Tuesday, February 15, 2011

The Merchant of Venice (The Arden Shakespeare). Edited by John Drakakis.

Few quotes better encapsulate the post-war attitude to The Merchant of Venice than this marvel from Dennis Kennedy: “Since 1945 we have been in possession of a new text of the play, one which bears relationships to the earlier text but is also significantly different from it.” Placed at the centre of the introduction to John Drakakis’s third Arden edition of the play, it marks the historical moment when the play stopped being a “comedy” and became something rather more uncomfortable and in the shift away from obvious stereotyping into a work which has become very difficult to perform.

Most of the plays have probably undergone this kind of transformation, not least Hamlet which now exists in a kind of post-Freudian state. Certainly I’ve never seen a production that has been able to turn Shylock into the complex figure our sensibilities demand and also make Portia sympathetic enough after her treatment of him so that the more traditional romantic comedy elements don’t stick in the throat. Presumably that’s why it’s one of the few plays I simply can’t watch or listen to for pleasure but instead to see if the company have cracked this almost impossible code.

Drakakis, a professor of English Studies at the University of Sterling, tries his best to convince us, by offering a detailed overview of the influences underpinning Shakespeare’s characterisation, from the real life position of Jews within Venetian society to their theatrical tradition, notably in Marlowe’s The Jew of Malta and the sources for that tricky romance story, with its caskets and rings. Along with the editing of the play itself and the accompanying notes, this is the work of a couple of decades which is ably demonstrated by the breadth of quotations on display and intertextuality.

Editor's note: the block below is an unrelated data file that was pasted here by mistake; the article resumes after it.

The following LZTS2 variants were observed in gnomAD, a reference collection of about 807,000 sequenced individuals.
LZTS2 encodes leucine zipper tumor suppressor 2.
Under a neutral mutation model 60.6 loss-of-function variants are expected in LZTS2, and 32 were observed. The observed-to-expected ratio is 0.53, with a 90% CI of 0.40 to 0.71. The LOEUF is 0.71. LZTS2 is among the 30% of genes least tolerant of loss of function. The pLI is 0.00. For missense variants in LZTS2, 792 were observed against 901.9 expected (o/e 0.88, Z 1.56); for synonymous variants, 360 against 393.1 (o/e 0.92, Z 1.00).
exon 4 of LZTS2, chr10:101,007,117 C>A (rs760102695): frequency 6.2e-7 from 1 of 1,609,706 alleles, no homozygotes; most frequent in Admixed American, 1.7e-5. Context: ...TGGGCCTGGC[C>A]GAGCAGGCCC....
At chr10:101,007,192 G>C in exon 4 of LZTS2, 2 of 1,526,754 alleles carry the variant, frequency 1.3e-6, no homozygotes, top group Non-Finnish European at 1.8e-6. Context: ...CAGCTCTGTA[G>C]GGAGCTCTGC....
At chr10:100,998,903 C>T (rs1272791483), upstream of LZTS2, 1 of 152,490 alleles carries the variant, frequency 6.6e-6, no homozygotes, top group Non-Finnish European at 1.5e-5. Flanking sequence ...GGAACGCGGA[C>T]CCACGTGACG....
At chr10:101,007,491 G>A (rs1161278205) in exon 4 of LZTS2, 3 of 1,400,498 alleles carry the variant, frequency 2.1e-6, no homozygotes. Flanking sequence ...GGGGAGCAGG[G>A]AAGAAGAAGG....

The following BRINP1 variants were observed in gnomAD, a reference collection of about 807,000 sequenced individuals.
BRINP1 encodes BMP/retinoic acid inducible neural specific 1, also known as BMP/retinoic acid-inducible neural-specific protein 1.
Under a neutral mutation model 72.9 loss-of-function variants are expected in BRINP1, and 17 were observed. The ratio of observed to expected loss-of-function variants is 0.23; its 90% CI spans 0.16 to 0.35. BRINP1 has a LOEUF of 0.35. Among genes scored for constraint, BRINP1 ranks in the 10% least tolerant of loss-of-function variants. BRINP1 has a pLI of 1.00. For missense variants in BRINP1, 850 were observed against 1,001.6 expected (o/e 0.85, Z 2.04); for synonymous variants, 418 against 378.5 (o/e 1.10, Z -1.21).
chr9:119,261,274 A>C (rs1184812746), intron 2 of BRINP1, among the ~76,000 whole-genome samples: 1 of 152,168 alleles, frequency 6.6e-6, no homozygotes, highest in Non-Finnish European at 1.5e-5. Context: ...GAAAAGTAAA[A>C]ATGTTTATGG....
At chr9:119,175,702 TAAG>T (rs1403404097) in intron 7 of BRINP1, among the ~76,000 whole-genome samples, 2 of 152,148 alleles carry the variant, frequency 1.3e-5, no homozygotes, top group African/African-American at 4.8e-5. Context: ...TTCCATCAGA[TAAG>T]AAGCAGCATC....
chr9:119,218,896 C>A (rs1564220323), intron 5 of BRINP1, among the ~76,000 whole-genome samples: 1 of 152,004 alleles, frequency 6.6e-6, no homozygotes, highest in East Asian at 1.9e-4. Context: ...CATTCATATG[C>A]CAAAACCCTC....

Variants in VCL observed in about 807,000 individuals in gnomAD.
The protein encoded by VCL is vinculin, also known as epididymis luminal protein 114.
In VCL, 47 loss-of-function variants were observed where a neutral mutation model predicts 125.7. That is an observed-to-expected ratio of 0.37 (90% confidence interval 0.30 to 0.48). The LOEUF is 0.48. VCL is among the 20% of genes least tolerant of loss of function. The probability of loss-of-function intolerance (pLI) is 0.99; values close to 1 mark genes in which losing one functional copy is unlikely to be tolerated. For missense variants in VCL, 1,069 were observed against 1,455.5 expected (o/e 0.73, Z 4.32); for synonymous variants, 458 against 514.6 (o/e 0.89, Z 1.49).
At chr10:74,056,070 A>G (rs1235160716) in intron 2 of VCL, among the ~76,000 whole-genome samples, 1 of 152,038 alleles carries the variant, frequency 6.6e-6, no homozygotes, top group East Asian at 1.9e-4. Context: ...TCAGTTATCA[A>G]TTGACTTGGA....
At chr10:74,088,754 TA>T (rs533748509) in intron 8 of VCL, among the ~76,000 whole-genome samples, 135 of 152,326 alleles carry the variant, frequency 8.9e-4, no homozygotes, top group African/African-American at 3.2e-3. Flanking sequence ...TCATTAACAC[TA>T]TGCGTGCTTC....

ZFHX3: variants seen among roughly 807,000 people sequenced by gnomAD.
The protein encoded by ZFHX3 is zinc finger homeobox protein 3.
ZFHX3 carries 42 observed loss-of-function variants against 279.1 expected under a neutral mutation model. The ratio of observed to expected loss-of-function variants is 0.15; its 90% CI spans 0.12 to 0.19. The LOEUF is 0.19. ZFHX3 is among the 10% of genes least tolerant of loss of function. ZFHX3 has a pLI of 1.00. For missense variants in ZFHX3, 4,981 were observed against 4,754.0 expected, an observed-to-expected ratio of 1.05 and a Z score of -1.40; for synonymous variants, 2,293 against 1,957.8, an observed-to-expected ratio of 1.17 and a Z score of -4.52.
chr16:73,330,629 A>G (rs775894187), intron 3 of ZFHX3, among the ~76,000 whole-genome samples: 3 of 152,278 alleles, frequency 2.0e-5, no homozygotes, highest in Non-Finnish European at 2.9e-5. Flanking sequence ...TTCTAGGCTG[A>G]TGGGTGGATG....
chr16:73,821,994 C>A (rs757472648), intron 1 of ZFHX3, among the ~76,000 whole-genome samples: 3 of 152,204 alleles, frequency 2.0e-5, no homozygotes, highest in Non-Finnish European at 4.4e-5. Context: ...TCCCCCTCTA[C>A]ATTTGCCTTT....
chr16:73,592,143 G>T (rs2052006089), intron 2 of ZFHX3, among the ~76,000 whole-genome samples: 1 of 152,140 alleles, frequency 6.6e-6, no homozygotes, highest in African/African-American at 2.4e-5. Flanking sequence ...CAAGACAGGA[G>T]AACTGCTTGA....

If I’m confused as to how Drakakis seeks to position Shylock and the Christians, it’s perhaps because his introduction isn’t quite as accessible as similar efforts in other Ardens and expects a certain level of background knowledge of the reader. Certainly this feels like more of a straight academic text than Keir Elam’s efforts on Twelfth Night or Charles Forker’s Richard II though I should admit that I’m far more familiar with both of those plays than The Merchant of Venice which could account for the disconnect. Even so, I learnt more here about The Jew of Malta than when it was forced on me during A-Level English Literature.

The theatrical history offers steadier ground. Drakakis emphasises how revivals through the 18th and 19th centuries edited and rewrote the text to make Shylock a much more central figure often losing Portia altogether and either increasing his pantomime villainy or in a few cases shaving his darker excesses. It isn’t really until recently that the language of the play was returned to anything Shakespeare intended, but with directors employing the play to reflect the Jewish experience in a range of historical periods. In that context, the new Globe’s unreconstructed ’98 production in which the audience was actively encouraged to hiss Shylock as he came on stage in the pantomime tradition is especially daring.

The Merchant of Venice (The Arden Shakespeare). Edited by John Drakakis is published by Methuen Drama. £9.99. ISBN: 9781903436813.  Review copy supplied.

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